Project Silence No More

Johnston Alumni start non-profit dedicated to spreading awareness about mental health


Sarah Nelson

Statistics provided by The American Foundation For Suicide Prevention.

Megan Walker and Sarah Nelson

Most students are aware of the school’s history of students committing suicide, and how the deaths of these individuals affect the whole community. Despite the experiences formed from these losses, many members still struggle with the complexities of mental health. Instead of standing by, Johnston alumni Marcus Miller ‘15, Luke Johnson ‘15 and Tristan Coaldrake ‘15 decided to stand up by creating Project Silence No More, a non-profit dedicated to spreading awareness about mental health.

Miller, now a junior at the University of Iowa, speaks on the overall message of the non-profit. “If we had to summarize our mission in one sentence, it would be to get the conversation started, to start talking about mental health,” Miller said. “It’s okay to have these feelings, but the cure to that isn’t silence, it’s to talk about it.”

Miller’s open letter that addresses his concerns can be found here.

Johnson and the other Project Silence No More co-founders all had personal experiences that lead them to found the group. “I know Marcus (Miller) and Tristan (Coaldrake) are really passionate about it too, having experienced similar stuff,” Johnson said. “They’re guys that I trust and love. I’m glad that something is happening over everything, it’s been a need for a while.”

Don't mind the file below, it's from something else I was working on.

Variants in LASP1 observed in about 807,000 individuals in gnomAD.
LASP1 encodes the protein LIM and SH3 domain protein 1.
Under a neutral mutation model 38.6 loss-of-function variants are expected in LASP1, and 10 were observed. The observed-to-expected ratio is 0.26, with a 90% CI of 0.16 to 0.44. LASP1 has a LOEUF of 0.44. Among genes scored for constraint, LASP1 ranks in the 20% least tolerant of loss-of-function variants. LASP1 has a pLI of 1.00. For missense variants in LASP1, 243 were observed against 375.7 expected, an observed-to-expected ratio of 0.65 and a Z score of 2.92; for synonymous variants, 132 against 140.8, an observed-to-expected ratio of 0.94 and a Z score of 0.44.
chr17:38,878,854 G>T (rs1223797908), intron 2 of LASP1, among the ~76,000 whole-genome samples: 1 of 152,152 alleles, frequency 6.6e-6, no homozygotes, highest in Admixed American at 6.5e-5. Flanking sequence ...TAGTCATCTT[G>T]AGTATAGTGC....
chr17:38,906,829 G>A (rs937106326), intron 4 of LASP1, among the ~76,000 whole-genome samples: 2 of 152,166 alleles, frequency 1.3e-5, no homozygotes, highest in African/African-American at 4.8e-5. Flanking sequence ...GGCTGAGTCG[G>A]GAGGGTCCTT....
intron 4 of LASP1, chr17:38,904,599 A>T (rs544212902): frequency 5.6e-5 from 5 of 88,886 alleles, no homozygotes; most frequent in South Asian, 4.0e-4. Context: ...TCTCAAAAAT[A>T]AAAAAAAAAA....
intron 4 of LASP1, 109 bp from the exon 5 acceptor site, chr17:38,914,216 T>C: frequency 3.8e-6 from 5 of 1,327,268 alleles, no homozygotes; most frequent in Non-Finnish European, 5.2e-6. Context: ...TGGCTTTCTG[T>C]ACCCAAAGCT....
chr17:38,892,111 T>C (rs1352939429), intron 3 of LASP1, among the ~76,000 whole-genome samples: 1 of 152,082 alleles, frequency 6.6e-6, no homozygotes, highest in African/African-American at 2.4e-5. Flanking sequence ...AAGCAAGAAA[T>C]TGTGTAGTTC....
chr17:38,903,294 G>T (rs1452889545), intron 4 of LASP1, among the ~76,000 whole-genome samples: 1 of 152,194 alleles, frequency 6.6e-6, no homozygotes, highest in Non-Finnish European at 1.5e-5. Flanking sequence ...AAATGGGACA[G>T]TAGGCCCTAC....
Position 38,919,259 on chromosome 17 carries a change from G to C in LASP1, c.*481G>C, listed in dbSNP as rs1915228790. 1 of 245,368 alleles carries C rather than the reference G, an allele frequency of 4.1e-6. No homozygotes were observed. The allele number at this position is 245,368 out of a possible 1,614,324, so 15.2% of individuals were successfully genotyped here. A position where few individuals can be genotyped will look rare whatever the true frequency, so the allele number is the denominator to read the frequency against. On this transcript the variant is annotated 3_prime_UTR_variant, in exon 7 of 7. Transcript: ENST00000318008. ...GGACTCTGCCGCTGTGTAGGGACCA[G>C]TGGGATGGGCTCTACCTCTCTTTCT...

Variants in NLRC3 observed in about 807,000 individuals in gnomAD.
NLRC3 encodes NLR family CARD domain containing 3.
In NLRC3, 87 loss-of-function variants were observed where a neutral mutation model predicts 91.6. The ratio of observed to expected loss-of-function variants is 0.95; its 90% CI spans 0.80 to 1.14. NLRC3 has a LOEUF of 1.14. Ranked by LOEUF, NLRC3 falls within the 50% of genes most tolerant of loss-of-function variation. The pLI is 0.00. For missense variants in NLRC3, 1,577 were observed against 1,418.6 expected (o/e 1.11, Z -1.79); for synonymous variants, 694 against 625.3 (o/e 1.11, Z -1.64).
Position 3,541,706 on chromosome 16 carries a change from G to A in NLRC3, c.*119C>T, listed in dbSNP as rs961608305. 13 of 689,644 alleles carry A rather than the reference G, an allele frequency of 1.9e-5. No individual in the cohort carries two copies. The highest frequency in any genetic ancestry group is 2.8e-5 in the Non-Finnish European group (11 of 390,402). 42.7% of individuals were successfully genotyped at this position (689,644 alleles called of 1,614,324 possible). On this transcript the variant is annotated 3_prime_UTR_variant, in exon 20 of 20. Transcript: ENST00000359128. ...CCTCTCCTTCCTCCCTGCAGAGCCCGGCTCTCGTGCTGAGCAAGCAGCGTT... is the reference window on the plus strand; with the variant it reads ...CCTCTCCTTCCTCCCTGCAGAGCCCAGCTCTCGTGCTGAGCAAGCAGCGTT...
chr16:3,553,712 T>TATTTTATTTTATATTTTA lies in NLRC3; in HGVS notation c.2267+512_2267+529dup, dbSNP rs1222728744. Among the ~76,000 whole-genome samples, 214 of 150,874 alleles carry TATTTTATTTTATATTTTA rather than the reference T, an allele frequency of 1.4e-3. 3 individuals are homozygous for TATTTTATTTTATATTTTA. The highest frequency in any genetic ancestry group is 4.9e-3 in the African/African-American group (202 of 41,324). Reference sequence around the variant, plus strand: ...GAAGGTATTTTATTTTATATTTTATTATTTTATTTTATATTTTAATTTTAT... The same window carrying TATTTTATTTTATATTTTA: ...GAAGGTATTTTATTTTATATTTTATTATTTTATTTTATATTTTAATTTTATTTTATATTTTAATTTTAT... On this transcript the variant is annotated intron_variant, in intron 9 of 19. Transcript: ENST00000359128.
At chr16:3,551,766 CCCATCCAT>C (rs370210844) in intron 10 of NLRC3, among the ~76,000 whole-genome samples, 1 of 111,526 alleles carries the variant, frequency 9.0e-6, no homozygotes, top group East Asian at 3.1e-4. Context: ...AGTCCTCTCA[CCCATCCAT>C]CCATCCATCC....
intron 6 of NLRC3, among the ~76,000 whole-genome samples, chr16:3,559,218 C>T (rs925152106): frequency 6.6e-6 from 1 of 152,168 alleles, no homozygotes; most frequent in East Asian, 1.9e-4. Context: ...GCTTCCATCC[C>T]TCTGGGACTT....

Johnson’s open letter can be found here.

The urge to take action grew in Coaldrake for years. “I think there had been a constant urge, or a constant itching in all of us since the first one (suicide) that happened in our lives freshmen year,” Coaldrake said. “I think finally we reached a breaking point where we just said screw it, we can keep saying things aren’t gonna work out, but as long as we’re not trying to do it, we can’t realistically say it’s not going to work,” Coaldrake said.

Each of the founders was personally impacted by the effects of suicide and mental health.  “My freshman year (attending high school), I had a classmate who committed suicide, and that was the first time I had experienced that on a personal level,” Miller said. “Then the most recent one, Dawson (Kerr), happened and he and I were pretty good friends in high school and I think that kind of reminded me there is a big problem.”

Kerr graduated in 2015, the same year as the founding members. Johnson said his need to do more stems from Kerr. “He was a friend that graduated with me, and just recently committed suicide,” he said. “I think an organization or movement like this has been inevitable for a long time and after Dawson, I couldn’t just sit back any longer and wait for somebody else to create something that should’ve happened six or seven years ago.”

Creating Project Silence No More helped Coaldrake opens up about his own struggles with mental health. “I’ve been there, I’ve gone to a therapist, I’ve dealt with depression, it’s not something I’m ashamed of, it’s not something I’m afraid to admit to anybody, but it took a while to get there,” Coaldrake said. “We just want to normalize the conversation.”